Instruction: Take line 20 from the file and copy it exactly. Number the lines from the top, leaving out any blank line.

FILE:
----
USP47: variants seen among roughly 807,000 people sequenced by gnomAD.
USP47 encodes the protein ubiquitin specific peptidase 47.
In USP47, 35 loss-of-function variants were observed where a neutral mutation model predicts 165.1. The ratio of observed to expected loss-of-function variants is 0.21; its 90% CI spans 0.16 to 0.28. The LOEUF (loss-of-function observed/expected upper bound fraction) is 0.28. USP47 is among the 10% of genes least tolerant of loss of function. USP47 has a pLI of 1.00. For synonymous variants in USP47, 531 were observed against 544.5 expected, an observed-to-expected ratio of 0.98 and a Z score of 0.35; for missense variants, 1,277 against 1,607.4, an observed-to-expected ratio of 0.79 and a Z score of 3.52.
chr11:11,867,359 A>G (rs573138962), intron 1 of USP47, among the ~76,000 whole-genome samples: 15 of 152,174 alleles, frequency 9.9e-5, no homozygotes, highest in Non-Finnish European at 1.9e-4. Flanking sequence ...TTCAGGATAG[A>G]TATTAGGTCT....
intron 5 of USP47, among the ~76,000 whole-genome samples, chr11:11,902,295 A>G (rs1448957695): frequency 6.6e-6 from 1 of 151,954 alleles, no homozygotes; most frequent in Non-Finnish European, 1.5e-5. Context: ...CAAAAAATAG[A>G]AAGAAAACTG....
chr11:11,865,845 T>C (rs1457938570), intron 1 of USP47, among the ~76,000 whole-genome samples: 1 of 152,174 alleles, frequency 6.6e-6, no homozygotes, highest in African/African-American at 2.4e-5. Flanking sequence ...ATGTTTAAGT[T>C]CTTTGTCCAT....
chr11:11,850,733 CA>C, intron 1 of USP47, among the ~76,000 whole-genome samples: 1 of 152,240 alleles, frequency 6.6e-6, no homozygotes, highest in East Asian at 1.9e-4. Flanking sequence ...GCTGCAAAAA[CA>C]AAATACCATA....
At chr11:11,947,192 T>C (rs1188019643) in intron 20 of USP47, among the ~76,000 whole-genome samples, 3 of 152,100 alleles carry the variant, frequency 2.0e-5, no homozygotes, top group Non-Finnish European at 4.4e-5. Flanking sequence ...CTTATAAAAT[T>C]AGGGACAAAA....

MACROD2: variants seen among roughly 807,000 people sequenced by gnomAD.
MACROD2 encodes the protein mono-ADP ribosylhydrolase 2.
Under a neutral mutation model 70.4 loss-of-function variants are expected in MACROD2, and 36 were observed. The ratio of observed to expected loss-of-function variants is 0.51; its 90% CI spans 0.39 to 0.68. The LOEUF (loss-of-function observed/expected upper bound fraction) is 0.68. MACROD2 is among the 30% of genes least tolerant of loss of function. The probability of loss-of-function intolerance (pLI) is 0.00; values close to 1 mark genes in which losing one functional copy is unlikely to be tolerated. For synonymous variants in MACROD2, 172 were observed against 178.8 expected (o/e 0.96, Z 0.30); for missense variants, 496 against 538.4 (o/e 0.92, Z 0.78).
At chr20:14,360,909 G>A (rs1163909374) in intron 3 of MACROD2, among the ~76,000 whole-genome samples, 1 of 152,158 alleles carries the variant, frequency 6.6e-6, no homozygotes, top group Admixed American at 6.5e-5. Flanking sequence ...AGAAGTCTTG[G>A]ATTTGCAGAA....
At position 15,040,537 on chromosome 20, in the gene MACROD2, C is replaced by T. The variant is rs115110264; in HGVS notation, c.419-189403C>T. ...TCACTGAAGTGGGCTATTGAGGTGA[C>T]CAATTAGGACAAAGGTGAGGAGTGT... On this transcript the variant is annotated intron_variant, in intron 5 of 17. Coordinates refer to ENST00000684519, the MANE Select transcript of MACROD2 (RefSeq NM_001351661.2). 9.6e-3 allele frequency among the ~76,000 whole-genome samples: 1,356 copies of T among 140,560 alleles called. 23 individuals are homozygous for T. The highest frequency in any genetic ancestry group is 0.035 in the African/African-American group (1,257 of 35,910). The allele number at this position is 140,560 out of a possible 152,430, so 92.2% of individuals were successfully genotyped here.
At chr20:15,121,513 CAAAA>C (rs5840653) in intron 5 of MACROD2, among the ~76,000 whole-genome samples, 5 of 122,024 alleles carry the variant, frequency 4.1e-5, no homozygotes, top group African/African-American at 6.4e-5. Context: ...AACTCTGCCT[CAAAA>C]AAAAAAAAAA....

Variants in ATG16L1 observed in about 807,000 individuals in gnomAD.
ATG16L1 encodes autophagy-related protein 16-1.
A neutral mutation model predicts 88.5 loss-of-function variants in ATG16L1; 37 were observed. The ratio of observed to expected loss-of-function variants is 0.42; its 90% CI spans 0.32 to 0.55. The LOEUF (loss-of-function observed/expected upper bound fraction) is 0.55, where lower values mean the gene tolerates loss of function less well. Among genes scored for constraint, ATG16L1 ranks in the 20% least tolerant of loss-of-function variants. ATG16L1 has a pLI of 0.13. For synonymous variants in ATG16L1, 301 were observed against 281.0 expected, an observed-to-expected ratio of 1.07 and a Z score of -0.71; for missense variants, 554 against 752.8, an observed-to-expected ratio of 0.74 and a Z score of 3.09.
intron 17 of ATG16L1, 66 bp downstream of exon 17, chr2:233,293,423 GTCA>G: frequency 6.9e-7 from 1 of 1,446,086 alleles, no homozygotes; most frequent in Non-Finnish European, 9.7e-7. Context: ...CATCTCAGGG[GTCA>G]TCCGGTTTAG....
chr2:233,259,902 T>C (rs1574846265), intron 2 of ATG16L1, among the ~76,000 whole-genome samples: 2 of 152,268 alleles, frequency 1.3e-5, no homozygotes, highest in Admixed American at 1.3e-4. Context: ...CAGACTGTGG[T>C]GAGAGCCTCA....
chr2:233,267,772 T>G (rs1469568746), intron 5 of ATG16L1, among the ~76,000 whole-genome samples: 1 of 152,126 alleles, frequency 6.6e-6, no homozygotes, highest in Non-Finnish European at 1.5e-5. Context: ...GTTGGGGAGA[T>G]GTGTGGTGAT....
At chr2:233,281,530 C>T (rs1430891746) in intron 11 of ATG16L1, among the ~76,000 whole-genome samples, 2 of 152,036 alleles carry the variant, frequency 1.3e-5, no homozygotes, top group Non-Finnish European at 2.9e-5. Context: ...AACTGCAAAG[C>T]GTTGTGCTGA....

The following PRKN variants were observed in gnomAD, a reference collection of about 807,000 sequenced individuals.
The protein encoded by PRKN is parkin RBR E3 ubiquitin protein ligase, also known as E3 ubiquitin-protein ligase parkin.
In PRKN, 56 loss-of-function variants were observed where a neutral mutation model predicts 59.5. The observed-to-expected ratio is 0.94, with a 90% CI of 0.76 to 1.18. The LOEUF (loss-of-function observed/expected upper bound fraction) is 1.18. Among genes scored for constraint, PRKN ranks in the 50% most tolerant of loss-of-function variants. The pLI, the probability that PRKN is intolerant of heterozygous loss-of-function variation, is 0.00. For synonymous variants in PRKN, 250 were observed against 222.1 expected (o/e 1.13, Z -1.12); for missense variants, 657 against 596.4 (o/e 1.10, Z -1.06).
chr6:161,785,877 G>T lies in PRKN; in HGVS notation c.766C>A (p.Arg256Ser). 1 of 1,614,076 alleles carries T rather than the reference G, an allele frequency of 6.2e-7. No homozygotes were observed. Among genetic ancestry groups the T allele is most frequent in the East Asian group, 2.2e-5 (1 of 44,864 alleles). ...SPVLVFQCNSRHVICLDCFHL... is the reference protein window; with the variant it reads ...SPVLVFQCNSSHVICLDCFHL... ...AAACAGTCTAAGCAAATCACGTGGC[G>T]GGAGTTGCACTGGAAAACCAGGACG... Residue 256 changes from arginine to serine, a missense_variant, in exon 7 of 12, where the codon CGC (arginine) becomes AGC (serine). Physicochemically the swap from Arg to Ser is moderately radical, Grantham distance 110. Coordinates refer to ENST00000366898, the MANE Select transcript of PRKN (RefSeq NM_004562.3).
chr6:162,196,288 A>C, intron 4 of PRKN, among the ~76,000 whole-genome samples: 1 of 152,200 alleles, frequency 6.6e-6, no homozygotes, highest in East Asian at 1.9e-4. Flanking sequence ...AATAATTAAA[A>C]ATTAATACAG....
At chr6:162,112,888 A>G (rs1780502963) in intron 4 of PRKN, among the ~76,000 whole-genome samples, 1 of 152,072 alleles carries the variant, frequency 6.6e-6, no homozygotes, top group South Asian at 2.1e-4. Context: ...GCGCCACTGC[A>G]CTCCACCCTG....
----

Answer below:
chr2:233,267,772 T>G (rs1469568746), intron 5 of ATG16L1, among the ~76,000 whole-genome samples: 1 of 152,126 alleles, frequency 6.6e-6, no homozygotes, highest in Non-Finnish European at 1.5e-5. Context: ...GTTGGGGAGA[T>G]GTGTGGTGAT....